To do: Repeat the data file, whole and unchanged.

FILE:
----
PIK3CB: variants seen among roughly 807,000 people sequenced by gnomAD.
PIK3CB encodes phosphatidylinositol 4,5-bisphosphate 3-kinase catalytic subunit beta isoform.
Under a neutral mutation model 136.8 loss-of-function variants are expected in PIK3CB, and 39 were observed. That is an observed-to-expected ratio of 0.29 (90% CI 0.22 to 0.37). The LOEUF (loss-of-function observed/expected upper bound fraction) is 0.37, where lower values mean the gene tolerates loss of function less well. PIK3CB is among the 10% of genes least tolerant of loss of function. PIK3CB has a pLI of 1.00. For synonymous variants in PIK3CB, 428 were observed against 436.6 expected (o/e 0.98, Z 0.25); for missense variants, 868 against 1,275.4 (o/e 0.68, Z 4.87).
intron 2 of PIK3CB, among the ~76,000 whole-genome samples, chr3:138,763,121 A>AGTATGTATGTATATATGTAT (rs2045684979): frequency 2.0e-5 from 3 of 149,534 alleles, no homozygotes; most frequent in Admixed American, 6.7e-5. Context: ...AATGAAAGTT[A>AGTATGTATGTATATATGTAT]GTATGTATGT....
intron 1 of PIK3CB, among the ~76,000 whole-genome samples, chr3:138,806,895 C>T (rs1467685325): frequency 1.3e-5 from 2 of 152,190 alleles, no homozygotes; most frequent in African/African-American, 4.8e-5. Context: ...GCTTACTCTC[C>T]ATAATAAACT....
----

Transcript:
PIK3CB: variants seen among roughly 807,000 people sequenced by gnomAD.
PIK3CB encodes phosphatidylinositol 4,5-bisphosphate 3-kinase catalytic subunit beta isoform.
Under a neutral mutation model 136.8 loss-of-function variants are expected in PIK3CB, and 39 were observed. That is an observed-to-expected ratio of 0.29 (90% CI 0.22 to 0.37). The LOEUF (loss-of-function observed/expected upper bound fraction) is 0.37, where lower values mean the gene tolerates loss of function less well. PIK3CB is among the 10% of genes least tolerant of loss of function. PIK3CB has a pLI of 1.00. For synonymous variants in PIK3CB, 428 were observed against 436.6 expected (o/e 0.98, Z 0.25); for missense variants, 868 against 1,275.4 (o/e 0.68, Z 4.87).
intron 2 of PIK3CB, among the ~76,000 whole-genome samples, chr3:138,763,121 A>AGTATGTATGTATATATGTAT (rs2045684979): frequency 2.0e-5 from 3 of 149,534 alleles, no homozygotes; most frequent in Admixed American, 6.7e-5. Context: ...AATGAAAGTT[A>AGTATGTATGTATATATGTAT]GTATGTATGT....
intron 1 of PIK3CB, among the ~76,000 whole-genome samples, chr3:138,806,895 C>T (rs1467685325): frequency 1.3e-5 from 2 of 152,190 alleles, no homozygotes; most frequent in African/African-American, 4.8e-5. Context: ...GCTTACTCTC[C>T]ATAATAAACT....